He started by pulling off the trim inside to see what he could see.

Here's an interior shot before he removed windows.

Our house was built in the 1920s, and these are the original windows. The iron window weights  counterbalanced the weight of the window to keep it from slamming shut.

Iron window weights.

The problem is that the spaces for the weights couldn't be insulated, making the entire window unit an energy sieve.

He had a nice day to remove the vinyl siding and take out the old windows. Rain was in the forecast, so he covered the opening with a sheet of plastic and worked mostly from the inside.

Windows out and plastic up.


Those aren't very good photos, but we didn't empty the room for this project, and I couldn't step back far enough to get a good pic. It's being used for storage, so everything just got moved enough for room to work on the windows. Here's a better shot from outside.


Now we need a string of nice days to put up and paint the new siding.

January 13, 2020

The Garden in January

Winter is a slow time in the garden, and the seasonal change of pace is nice. I've got a few things growing, and am harvesting lettuce and collard greens. On nice days, I work on jobs from our winter project list.
  • dig two more swale beds
  • cover and mulch main aisles
  • do something with that weedy corner!

Progress on these is slow going because we've had a lot of rain. Except for a few cold snaps, it's mostly been mild, with highs in the mid-40s and 50sF. But we've had cold, biting wind, which takes the enjoyment out of an otherwise nice day.

Of my list, the first new swale bed is about dug out and ready to fill with logs, branches, sticks, wood chips, compost, and soil.

The first of two hugelkulture swale beds
I'm hoping to make this winter.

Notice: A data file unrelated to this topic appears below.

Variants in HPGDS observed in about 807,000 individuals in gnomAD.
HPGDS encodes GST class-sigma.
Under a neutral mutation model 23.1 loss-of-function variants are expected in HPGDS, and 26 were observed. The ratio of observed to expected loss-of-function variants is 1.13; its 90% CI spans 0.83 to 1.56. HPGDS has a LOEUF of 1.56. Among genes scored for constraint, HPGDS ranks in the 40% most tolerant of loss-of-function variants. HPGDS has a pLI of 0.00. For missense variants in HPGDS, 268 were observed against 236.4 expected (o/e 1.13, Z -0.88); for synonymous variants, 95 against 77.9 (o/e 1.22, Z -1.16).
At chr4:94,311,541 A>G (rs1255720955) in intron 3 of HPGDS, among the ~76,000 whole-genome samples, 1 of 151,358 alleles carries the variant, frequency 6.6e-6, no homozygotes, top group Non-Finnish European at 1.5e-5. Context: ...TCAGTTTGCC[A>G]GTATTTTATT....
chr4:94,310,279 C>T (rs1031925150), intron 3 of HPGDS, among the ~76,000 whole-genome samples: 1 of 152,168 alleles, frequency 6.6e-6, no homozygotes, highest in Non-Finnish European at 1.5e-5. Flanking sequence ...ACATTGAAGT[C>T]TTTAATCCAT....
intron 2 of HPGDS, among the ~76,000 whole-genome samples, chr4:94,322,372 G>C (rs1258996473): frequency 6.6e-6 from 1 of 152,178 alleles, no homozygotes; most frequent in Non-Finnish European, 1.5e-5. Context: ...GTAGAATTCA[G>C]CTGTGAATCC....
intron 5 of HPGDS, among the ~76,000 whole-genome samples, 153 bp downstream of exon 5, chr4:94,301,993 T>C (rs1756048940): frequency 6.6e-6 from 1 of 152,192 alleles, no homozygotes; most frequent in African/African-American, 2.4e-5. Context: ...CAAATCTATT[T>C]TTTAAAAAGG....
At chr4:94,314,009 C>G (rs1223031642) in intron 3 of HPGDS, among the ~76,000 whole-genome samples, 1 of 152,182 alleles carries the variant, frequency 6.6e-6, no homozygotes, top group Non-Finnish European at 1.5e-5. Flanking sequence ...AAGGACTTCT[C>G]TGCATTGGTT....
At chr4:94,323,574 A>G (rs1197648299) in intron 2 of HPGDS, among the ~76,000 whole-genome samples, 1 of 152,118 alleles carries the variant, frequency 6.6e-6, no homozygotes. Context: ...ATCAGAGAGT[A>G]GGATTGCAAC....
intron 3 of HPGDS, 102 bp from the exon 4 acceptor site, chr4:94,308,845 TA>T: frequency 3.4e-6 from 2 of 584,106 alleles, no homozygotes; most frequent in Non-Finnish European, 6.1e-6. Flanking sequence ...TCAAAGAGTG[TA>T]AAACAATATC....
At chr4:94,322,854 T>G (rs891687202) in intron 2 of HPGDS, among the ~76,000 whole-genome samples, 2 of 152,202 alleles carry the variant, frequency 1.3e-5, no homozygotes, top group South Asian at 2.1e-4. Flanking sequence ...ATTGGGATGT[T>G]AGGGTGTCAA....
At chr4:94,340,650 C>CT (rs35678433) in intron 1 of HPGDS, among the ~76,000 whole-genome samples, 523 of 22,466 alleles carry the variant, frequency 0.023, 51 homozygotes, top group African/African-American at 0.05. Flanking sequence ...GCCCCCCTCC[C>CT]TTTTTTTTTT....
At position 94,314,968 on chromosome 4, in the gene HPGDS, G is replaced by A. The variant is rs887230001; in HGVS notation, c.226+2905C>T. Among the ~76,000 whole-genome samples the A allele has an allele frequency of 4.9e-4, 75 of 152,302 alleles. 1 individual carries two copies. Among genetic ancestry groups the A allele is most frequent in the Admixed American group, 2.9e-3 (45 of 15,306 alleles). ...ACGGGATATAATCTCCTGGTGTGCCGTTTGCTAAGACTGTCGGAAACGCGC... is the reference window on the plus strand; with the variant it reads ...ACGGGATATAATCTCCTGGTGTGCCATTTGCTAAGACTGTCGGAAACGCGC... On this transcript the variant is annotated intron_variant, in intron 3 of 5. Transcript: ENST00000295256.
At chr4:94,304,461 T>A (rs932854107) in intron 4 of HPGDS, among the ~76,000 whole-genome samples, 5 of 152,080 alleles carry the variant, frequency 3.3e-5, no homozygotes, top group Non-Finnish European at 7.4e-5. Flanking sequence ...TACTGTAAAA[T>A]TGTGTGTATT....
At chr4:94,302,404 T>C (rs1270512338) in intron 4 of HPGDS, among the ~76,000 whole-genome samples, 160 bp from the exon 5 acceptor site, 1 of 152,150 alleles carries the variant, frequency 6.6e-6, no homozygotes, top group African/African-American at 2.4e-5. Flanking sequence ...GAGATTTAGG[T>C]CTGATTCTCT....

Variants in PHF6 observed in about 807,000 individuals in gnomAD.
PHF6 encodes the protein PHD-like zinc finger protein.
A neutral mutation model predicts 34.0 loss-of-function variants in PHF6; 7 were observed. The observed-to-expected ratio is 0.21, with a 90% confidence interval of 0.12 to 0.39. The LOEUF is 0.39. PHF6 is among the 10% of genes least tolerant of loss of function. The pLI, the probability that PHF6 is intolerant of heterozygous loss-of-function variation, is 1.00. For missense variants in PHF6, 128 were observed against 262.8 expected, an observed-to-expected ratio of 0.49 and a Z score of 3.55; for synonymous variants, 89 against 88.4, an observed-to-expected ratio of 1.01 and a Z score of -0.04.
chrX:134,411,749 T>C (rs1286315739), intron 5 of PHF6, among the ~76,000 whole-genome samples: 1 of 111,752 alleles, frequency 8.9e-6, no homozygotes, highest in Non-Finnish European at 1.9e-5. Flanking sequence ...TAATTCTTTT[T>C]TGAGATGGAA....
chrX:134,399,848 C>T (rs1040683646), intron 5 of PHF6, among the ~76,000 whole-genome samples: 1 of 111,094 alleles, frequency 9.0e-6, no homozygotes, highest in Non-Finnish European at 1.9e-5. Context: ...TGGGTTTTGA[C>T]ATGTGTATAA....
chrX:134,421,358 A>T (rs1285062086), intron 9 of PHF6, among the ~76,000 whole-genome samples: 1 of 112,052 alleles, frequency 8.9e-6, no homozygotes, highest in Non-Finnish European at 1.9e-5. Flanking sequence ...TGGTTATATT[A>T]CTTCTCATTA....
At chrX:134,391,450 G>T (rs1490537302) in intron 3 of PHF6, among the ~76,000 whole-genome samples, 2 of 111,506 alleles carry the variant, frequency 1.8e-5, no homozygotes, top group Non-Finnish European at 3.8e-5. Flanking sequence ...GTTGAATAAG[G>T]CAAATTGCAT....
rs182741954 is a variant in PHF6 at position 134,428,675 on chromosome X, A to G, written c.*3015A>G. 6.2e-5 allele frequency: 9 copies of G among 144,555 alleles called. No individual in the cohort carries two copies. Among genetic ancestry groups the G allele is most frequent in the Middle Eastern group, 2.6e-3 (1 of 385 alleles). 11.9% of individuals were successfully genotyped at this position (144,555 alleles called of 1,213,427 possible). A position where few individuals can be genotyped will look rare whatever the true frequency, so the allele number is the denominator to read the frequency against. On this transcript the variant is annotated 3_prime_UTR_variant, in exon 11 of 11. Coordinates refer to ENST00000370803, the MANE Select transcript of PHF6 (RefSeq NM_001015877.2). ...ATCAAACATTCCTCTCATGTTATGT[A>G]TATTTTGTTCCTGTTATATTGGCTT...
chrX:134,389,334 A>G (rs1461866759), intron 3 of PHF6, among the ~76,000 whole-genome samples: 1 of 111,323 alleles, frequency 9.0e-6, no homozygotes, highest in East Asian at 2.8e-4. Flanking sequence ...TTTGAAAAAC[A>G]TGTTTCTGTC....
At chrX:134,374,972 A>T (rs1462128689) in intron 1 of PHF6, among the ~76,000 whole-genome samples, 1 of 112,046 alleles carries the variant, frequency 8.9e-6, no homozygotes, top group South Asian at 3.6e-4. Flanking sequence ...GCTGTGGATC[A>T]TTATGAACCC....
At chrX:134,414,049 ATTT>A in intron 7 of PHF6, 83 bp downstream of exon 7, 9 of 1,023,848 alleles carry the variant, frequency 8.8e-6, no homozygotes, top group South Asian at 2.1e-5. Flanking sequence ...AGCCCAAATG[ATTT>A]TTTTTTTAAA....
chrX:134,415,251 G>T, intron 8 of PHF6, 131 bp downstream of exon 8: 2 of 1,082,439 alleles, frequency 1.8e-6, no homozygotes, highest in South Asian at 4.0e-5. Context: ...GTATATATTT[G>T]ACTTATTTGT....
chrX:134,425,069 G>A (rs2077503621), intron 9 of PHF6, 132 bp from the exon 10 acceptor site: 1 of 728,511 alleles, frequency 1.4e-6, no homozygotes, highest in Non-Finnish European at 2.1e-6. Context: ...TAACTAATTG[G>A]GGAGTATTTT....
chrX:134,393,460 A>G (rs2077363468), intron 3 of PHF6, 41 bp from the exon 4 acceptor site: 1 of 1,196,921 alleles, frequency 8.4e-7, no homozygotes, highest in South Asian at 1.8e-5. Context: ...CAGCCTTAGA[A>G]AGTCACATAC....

I've made a start on mulching the wheelbarrow aisles too. Here's how it looked before:

Photo from "Modest Success in Controlling Wiregrass"

Here's my progress so far...

Eventually, I'll have the whole garden looking like this!

I use several layers of heavy-duty cardboard on the bottom and a thick wood chip mulch on top of that. I prefer to do this when the soil is wet from rain. The cardboard and wood chips will help keep it from drying out, and I need to retain all the moisture I can in my soil! This past summer, I had pretty good success with this method to keep wire grass at bay.

The last project on the list is doing something about "that weedy corner." Here's how it looked last August.

Except for the hoop house and winter squash in in the
background, you'd never know this was part of my garden!

Years ago this spot was my first no-till experiment, naturalized with violets. But honeysuckle and blackberry roots lurked underneath and after years of trying to conquer them they finally won. This past summer it was the weedy mess you see above. Eventually, I'll double dig more swale beds here, but for now my solution was to dig out all the roots that I could and mulch heavily with leaves.


What's growing? Not a lot. A couple months ago, I planted carrots, radishes, lettuce, and kale, but not much of that has come up yet. Garlic and multiplier onions are doing well, however.

I have garlic planted everywhere.
Here's some in the strawberry bed.

Multiplier onions

I mentioned harvesting collards.

Heading collards

These are actually from last winter! Somehow they survived the summer with very little watering and are still producing tasty greens. I expect them to bolt this year.

Lettuce with garlic and fava beans.

We're enjoying lettuce on sandwiches and in salads. The fava beans are new for me. They are a cool weather bean, so I thought I'd give them a try. They should do okay if we continue to have a mild winter. Our winters can go either way, however, so they still might get frozen out. So far so good, although I don't expect beans until next spring.

I should also be able to start adding miners lettuce and chickweed to our salads soon. The chickweed volunteers everywhere, and the miners lettuce was transplanted from a large pot the hoop house.

Volunteer miners lettuce (claytonia)

I transplanted it in clumps into one of the hoop house beds.

It's taking off well with plenty of rain and mild temps.

Also in the hoop house is a bed of Chinese cabbages. They suffered some bug damage earlier but are growing now. I trim a few leaves for salads now and then.

Chinese cabbage

Also from the hoop house are volunteer dandelions that I harvested. I dry both the greens and the roots.

Dandelions

I have two experimental grain patches too.

Hulless oats